Search found 50 matches

by Dylan Davisson 2B
Tue Mar 13, 2018 10:34 pm
Forum: Reaction Mechanisms, Reaction Profiles
Topic: 15.99
Replies: 1
Views: 74

Re: 15.99

The different ordered reactions have different axes to plot to show them as linear. Linear plots for a zero-order reaction would be seen by plotting the concentration against time. For a first-order reaction, it would be the natural log of the concentration against time. For a second-order reaction,...
by Dylan Davisson 2B
Mon Mar 12, 2018 8:09 pm
Forum: Reaction Mechanisms, Reaction Profiles
Topic: reaction profile
Replies: 3
Views: 105

Re: reaction profile

They are only ever equivalent when the reaction is in equilibrium
by Dylan Davisson 2B
Fri Mar 09, 2018 4:51 pm
Forum: *Nucleophiles
Topic: Nucleophiles on the final?
Replies: 3
Views: 241

Re: Nucleophiles on the final?

Professor Lavelle used the SN2 organic reaction in class as an example for a substitution reaction. I would probably say that anything discussed in lecture is fair game for the final. But that would mean we would only need to know this as a conceptual example, nothing too intensive, because that is ...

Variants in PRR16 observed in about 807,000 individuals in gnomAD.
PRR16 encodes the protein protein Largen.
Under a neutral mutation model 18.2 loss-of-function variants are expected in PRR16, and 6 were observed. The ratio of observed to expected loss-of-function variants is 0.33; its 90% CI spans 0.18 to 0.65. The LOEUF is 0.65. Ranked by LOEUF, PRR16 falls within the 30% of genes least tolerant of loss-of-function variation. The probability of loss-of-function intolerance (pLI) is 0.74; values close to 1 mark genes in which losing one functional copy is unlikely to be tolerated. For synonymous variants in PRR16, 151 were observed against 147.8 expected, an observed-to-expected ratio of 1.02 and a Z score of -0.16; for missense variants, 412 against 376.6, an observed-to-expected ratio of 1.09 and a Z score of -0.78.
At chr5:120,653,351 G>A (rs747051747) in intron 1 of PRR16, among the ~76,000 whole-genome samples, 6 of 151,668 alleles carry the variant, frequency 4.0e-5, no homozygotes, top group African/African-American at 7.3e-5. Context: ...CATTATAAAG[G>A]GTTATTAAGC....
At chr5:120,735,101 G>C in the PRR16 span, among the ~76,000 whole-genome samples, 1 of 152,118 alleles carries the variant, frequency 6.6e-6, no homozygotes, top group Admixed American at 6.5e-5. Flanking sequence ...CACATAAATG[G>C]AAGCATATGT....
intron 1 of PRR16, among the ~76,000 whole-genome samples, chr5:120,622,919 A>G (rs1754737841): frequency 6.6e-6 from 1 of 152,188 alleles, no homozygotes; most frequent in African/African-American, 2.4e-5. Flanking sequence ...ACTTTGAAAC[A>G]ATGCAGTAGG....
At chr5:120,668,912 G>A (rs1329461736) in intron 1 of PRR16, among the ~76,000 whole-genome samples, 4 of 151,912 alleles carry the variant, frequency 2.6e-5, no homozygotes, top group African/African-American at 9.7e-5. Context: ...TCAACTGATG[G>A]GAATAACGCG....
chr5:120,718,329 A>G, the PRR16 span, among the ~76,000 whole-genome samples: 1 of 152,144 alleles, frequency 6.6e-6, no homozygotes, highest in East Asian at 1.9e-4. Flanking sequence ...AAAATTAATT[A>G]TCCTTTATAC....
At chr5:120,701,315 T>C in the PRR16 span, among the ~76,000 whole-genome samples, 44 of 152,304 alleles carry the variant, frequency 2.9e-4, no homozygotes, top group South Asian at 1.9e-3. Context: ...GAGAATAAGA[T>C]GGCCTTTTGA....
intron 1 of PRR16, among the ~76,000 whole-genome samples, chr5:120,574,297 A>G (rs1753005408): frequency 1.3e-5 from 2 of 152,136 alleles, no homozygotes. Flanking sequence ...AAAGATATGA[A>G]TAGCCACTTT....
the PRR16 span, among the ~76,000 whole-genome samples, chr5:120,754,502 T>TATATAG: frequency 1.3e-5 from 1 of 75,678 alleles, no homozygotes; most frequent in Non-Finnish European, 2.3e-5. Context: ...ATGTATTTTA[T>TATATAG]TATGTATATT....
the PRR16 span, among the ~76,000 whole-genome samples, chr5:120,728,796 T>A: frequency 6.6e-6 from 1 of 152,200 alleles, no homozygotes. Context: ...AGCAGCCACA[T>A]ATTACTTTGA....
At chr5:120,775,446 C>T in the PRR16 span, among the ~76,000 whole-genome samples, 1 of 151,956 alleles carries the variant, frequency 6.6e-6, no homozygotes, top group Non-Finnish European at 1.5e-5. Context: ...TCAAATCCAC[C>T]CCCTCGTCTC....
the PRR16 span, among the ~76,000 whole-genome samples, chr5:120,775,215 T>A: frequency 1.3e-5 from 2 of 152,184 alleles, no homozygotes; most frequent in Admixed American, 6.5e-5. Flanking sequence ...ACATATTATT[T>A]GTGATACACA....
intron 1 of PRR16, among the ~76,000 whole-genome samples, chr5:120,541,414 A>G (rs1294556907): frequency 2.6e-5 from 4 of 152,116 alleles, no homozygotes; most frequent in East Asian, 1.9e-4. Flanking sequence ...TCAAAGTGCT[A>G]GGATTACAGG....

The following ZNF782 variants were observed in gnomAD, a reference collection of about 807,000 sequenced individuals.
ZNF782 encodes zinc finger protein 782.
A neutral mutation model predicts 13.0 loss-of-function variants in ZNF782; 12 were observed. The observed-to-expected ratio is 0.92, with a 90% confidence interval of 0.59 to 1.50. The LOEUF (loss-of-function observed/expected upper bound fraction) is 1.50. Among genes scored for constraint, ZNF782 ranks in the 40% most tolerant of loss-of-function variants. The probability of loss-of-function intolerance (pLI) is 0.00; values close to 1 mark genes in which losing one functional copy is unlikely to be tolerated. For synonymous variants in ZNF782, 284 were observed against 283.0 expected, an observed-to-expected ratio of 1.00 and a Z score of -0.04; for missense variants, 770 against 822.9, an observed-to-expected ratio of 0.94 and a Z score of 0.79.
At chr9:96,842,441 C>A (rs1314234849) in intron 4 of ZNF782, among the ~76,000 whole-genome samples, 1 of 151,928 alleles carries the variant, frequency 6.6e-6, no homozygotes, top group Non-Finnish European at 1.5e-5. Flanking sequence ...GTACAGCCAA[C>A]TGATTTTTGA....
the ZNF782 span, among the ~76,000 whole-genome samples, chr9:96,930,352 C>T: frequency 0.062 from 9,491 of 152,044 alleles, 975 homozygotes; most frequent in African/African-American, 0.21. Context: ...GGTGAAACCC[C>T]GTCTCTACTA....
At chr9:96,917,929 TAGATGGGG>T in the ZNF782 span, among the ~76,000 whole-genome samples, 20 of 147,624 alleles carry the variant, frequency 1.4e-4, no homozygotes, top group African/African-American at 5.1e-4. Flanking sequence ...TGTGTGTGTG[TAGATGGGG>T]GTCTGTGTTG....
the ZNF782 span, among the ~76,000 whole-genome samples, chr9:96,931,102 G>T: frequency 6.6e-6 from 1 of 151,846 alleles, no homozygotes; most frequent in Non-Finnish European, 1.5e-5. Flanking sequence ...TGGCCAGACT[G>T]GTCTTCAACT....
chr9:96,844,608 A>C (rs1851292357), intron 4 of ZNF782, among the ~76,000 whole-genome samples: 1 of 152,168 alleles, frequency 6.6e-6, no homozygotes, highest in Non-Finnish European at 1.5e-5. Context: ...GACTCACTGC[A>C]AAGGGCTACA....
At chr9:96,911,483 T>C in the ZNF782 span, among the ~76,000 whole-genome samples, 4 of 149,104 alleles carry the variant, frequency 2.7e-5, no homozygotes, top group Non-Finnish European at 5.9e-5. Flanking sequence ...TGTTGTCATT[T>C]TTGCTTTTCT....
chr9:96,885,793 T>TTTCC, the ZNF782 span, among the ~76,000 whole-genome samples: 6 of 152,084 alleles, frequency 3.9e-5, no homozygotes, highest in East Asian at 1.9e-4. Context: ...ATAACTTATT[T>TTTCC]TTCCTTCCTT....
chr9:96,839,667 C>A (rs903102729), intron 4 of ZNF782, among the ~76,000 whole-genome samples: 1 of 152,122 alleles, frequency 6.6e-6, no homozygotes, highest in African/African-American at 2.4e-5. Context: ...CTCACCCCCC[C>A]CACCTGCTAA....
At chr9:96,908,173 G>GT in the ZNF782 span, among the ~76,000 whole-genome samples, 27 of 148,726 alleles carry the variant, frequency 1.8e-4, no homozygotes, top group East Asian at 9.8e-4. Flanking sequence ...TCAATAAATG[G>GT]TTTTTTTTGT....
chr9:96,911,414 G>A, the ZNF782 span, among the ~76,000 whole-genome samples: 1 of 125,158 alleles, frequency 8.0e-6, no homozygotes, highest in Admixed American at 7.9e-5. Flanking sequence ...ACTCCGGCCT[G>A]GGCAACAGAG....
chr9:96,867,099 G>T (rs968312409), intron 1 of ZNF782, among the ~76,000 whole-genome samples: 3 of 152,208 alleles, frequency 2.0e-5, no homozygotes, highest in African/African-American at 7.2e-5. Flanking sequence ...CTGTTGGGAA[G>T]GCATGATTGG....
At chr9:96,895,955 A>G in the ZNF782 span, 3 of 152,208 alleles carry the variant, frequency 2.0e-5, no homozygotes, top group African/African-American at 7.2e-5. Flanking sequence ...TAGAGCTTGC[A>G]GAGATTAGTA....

by Dylan Davisson 2B
Fri Mar 09, 2018 4:47 pm
Forum: First Order Reactions
Topic: The integrated rate laws
Replies: 3
Views: 183

Re: The integrated rate laws

The only real reason you see the basic integrated rate laws look so many different ways is because they are being manipulated to answer specific values that the problem gives. All of the variations of the integrated rate laws all have the same basic structure. The typical way of writing the integrat...
by Dylan Davisson 2B
Wed Mar 07, 2018 3:11 pm
Forum: Administrative Questions and Class Announcements
Topic: Formulas on test?
Replies: 3
Views: 127

Re: Formulas on test?

No, you won't have to memorize the equations. The constants and equations sheet has all of the necessary 1st order and 2nd order formulas and the half-life formulas that you will need on the test. However, they are not labeled as 0, 1st, or 2nd order, so you will have to recognize which equation app...
by Dylan Davisson 2B
Tue Mar 06, 2018 8:49 pm
Forum: General Rate Laws
Topic: Units in 15.17 vs. 15.19
Replies: 2
Views: 80

Re: Units in 15.17 vs. 15.19

The proper units for molar concentrations are mol*L^-1. It would be safe to always convert the given concentrations into these units and then work out the equation like the question asks. The only difference I see is that the initial rate for 15.17 is given with respect to the product G, while the i...
by Dylan Davisson 2B
Sun Mar 04, 2018 12:07 pm
Forum: Second Order Reactions
Topic: 15.35 homework
Replies: 2
Views: 89

Re: 15.35 homework